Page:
Decisions and plans (Part III of Baron, 1994)

In a previous post I said I would cover parts II and III of Baron’s guide to the psychology of human decision-making entitled Thinking and Deciding (1994 2nd edition). Part III is about decision making, including both the decisions that affect only the decision maker and the decisions that affect others, that is, decisions that raise moral questions. It also examines long-term planning, with special emphasis on the choice of personal goals. The part is particularly concerned with the inference of a course of action from our goals and from evidence concerning the consequences of our options for achieving them.

Normative theory of utility    … concerns the theory of how we should choose among possible actions under ideal conditions.  It is concerned with inference not search. The basic idea is that utility – or desirability of outcomes – should be maximized, so the best decision is the one that best helps us achieve our goals. In the case of conflict it is a matter of maximizing total utility. The concept of utility represents whatever people want to achieve: virtue, productive work, enlightenment, respect, love. It is not the same as monetary reward, happiness or satisfaction. wide range of human goals. This model serves as a theoretical ideal that we can use to justify prescriptive models for decision analysis, whether in business, government, or medicine. There are three main aspects: (1) expected-utility theory, which considers the trade-off between probability and utility; (2) Multiattribute Utility Theory (MAUT), which considers the trade-off between different goals; and (3) decision that involve conflict among the goals of different people. Normative utility theory helps justify the prescriptive model of actively open-mindedness, because it could find a neglected possibility with a higher expected utility. The same applies to evidence, goals, and biased weighing of evidence. Ideally, belief formation should take place after a thorough search and unbiased evaluation of evidence. Search thoroughness must be in proportion to the expected benefits. (Ch. 16 of Baron, J. 1994 Thinking and deciding 2nd ed.)

Decision analysis       … is normative utility theory of decision making applied to real-life situations such as airport location, nuclear waste disposal, and school desegregation. Decision analysis, as discussed in this chapter, attempts to assess the utilities and probabilities of outcomes to calculate the expected utility of various options. It is not a simple cost-benefit analysis, because that would confuse market value with subjective value. Instead, outcomes are represented by how much they are estimated to help achieve a given set of goals. Decision analysis can also be used as a second opinion or to evaluate decisions after they are made or to resolve conflict among different decision makers. To be useful, he need for thorough search must be respected. The result of the analysis must be contrasted to the initial intuition to see why they differ. Various techniques of utility measurement are discussed, including prediction, direct scaling, difference measurement, a standard gambling approach, conjoint measurement, and Multiattribute Utility Theory (MAUT). Special emphasis is placed on aspects such as trade-offs and the value of human life. When it comes to teaching decision making to 8th-grade students a promising approach may be to give additional emphasis to the types of errors that people make in the absence of decision analysis, such as short-sightedness (neglect of relevant goals), single-mindedness (neglect of alternatives and evidence), impulsiveness, and neglect of probability. (Ch. 17 of Baron, J. 1994 Thinking and deciding 2nd ed.)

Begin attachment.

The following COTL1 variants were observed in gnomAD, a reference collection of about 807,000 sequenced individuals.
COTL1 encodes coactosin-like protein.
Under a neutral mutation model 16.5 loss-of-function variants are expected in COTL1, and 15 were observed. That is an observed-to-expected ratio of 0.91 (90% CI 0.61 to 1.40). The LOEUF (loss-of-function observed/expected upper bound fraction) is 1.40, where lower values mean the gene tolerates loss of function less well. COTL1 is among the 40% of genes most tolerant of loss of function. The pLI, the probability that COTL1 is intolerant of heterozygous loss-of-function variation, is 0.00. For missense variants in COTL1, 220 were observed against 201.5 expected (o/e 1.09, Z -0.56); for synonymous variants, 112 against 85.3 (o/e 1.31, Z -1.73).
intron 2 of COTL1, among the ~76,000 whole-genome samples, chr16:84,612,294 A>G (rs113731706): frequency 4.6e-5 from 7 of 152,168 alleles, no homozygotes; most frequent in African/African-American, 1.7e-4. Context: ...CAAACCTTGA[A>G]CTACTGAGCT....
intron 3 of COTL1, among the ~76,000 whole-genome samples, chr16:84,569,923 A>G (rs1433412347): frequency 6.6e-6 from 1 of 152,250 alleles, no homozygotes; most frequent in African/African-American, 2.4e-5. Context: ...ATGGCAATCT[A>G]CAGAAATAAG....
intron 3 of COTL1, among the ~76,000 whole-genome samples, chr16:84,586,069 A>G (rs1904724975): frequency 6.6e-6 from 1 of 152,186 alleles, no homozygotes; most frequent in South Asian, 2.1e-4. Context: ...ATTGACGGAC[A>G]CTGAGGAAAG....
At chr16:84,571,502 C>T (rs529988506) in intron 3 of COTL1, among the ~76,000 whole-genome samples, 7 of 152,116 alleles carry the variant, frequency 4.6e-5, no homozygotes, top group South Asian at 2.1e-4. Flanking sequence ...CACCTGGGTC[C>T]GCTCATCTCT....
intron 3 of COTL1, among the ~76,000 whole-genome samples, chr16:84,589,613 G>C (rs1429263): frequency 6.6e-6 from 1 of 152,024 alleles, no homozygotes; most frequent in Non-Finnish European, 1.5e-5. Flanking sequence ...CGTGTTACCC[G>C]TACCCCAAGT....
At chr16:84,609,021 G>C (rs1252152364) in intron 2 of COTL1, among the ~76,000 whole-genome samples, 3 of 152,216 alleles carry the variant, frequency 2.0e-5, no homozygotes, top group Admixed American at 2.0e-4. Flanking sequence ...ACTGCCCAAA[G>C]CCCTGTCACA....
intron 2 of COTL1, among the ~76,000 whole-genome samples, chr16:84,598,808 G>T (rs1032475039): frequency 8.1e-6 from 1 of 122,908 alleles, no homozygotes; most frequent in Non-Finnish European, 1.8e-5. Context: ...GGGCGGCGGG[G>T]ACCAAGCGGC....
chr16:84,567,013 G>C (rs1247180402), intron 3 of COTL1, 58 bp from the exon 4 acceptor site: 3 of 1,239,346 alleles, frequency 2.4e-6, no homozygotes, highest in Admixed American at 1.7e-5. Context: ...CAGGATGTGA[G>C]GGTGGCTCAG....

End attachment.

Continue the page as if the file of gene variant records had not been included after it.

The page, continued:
Choice under uncertainty       This chapter provides descriptive theory on the way in which we respond to risk or uncertainty about the outcome of an option. We tend to be averse to risks when the alternative is a gain that is certain. Biases in decisions under uncertainty include: (1) neglect of probability; (2) preference reversals and contingent weighting; (3) the Allais paradox; (4) prospect theory, which provides the simplest possible ‘explanation’ for observed violations of expected-utility theory; (5) the certainty effect; (6) anticipated emotional effects of outcomes, including regret, rejoicing, disappointment, elation and their rationality in decision making; (7) the ambiguity effect in the case of unknown risks, such as those of nuclear power and genetic engineering; (8) aversion to missing information; (9) deferral under conditions of uncertainty or conflict. It is concluded that some apparent violations, such as those caused by regret, are not necessarily violations at  all, since an overly simple analysis could have neglected real emotional consequences. Other violations might result from using generally useful heuristics in situations where they are harmful in achieving our goals. In the case of ambiguity deferral points to the need for acquiring more information. All of the violations occur in holistic judgment, but can be avoided if utility theory and decision analysis are used. (Ch. 18 of Baron, J. 1994 Thinking and deciding 2nd ed.)

Choice under certainty        … concerns decisions in which we analyse as if we knew what the outcomes would be. Many biases found in such decisions involve an incomplete search for goals. In the extreme form only a single goal is considered: the “bottom line,” the defeat of communism, the protection of abstract “rights.” Such singlemindedness often involves social roles, as in the case of soldiers, scholars, politicians, lawyers and the like, but can be cured by actively open-minded searching for other goals that may on some occasions outweigh their professional goals. Attention to a single, dominant dimension can lead to unnecessary disagreement between groups and to violations of each individual’s true preferences. Making trade-offs helps – when we have the time to do it. Biases (or heuristics) in making trade-offs include: (1) the prominence effect; (2) attitude to (non-)compensatory decision strategies; (3) the status quo (endowment) effect; (4) omission (inaction) bias; (5) opportunity costs (easily neglected); (6) reference point framing; (7) integration vs. segregation in mental accounting; (8) reference price manipulation; (9) intransitivity of preferences; (10) elimination by attributes; (11) asymmetric dominance; and (12) compromise. Most of these heuristics save time, so we can use them provided we do so knowingly. Often a good way to avoid getting in trouble is to develop counterheuristics (“What would we do if …”). (Ch. 19 of Baron, J. 1994 Thinking and deciding 2nd ed.)